A Physical Map of Sweet Valley, California: The Literary Landscape of “Sweet Valley High”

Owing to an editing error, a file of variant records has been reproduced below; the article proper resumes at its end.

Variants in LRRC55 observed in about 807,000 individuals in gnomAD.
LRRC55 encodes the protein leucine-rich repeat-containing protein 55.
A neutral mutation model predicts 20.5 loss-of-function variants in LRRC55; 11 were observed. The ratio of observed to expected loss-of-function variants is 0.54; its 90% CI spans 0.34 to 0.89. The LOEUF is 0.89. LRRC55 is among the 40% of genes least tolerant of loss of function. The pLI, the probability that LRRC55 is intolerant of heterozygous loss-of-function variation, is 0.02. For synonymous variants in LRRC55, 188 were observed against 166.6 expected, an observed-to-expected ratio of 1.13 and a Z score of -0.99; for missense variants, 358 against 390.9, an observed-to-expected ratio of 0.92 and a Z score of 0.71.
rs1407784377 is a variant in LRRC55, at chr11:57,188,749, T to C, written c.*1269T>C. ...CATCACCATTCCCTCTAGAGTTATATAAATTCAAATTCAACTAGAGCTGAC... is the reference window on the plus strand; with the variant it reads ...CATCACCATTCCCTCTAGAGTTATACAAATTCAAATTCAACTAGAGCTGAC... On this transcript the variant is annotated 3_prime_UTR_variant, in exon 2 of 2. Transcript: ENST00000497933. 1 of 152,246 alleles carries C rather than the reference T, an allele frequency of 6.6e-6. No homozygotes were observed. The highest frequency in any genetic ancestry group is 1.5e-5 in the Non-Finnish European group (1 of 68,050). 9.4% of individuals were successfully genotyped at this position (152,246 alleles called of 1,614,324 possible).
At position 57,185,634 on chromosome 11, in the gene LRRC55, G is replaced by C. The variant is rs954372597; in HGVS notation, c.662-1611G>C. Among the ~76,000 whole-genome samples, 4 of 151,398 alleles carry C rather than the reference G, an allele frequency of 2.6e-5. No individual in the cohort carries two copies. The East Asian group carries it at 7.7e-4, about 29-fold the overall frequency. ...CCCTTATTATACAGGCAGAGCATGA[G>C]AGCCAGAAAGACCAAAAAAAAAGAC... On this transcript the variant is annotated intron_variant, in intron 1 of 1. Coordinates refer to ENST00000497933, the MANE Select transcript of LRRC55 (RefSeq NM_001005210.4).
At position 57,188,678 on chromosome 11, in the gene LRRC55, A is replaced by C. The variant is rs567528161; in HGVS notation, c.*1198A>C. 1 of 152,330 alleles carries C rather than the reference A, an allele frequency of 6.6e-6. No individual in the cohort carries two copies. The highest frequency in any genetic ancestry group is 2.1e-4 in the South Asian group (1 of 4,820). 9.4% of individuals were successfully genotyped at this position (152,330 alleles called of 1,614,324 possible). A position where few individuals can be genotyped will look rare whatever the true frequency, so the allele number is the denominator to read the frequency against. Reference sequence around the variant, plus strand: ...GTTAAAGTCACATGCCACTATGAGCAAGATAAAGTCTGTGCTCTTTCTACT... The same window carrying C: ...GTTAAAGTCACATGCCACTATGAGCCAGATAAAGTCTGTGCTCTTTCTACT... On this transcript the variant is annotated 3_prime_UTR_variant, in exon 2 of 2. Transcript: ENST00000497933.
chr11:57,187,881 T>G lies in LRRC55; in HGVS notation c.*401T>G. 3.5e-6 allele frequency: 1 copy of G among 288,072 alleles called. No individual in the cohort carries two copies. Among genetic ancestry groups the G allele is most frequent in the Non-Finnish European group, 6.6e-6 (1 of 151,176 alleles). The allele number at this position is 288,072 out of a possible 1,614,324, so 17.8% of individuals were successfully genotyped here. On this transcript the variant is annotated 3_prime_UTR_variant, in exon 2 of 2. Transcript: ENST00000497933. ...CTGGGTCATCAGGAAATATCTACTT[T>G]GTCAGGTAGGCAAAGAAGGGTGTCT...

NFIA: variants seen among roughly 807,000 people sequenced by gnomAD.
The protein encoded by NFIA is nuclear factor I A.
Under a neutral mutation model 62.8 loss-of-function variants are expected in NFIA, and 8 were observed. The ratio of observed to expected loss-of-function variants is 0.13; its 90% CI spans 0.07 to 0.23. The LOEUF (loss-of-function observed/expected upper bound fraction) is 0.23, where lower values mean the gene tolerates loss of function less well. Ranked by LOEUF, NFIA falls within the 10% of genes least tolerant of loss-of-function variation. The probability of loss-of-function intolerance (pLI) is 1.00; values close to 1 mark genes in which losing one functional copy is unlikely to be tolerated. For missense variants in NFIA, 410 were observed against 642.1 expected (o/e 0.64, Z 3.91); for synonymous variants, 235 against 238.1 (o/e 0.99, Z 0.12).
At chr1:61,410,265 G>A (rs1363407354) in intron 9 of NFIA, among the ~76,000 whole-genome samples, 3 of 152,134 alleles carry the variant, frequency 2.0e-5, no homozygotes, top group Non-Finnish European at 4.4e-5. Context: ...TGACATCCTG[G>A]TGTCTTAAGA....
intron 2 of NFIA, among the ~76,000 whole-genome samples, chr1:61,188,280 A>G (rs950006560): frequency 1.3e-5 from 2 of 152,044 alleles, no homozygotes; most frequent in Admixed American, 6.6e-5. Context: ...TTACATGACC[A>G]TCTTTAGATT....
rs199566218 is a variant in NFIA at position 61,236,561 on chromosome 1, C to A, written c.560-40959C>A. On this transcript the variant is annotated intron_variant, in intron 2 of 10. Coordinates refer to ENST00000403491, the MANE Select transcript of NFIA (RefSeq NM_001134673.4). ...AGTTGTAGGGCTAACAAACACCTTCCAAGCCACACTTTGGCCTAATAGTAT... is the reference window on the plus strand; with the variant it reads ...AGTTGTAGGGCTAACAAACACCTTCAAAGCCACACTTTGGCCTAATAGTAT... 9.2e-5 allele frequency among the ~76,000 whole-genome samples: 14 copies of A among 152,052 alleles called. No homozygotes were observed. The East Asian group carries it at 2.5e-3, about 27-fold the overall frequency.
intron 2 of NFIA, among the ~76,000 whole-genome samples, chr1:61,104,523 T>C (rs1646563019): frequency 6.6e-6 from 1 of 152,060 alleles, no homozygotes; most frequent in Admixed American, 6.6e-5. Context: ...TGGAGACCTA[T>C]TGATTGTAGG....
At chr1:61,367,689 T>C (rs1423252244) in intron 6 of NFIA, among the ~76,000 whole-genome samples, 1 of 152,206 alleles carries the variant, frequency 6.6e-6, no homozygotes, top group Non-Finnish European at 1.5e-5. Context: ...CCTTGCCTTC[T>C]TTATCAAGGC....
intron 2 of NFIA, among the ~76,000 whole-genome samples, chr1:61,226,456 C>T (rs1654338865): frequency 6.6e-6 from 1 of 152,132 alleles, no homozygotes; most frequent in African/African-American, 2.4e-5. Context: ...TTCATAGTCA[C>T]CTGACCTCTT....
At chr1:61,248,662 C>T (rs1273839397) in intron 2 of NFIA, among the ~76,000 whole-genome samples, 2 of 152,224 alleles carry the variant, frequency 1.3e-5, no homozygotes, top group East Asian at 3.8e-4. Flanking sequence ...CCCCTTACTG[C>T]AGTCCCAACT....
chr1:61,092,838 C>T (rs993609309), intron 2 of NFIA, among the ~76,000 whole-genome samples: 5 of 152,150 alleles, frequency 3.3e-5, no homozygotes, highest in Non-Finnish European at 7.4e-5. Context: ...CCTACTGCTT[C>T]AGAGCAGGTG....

While the infl uence of contemporaneous politics is clearly visible in the content of the “Sweet Valley High” series, the novels’ literary formula and structure are indebted to historical and generic models. The plots of individual installments of the “Sweet Valley High” series adhere to literary formulae associated with adult and teen romance fi ction, while the structures of both the individual novels and the series as a whole build upon literary tropes associated with young adult literature in general and young people’s series fi ction specifi cally. An examination of “Sweet Valley High”’s formula both tempers and enhances a socio-cultural analysis of the series. Although, as Jean Radford writes, “it does not help to explain the evolution of cultural forms in relation to social and cultural developments,” the critic notes that popular fi ction’s adherence to or departure from particular formal codes and tropes may be socially and culturally signifi cant and continues, “A structural and semantic reading of these changing codes necessarily engages with questions of gender, ideology, and change” (Radford, 1992, p. 5). As critics of romance reading and writing have noted, the iterative nature of the genre serves to reify already conventional assumptions about gender and sexuality. When these observations are applied to the analysis of romance series written for young people, the issues of gender and sexuality are complicated by audience. In the case of “Sweet Valley High,” these complications are visible where formulae intersect: In consideration of the series’ incorporation of adult romance conventions within its greater adolescent romance formula and in its serial nature, the maintenance of which challenges a foundational convention associated with the romance: the happy ending.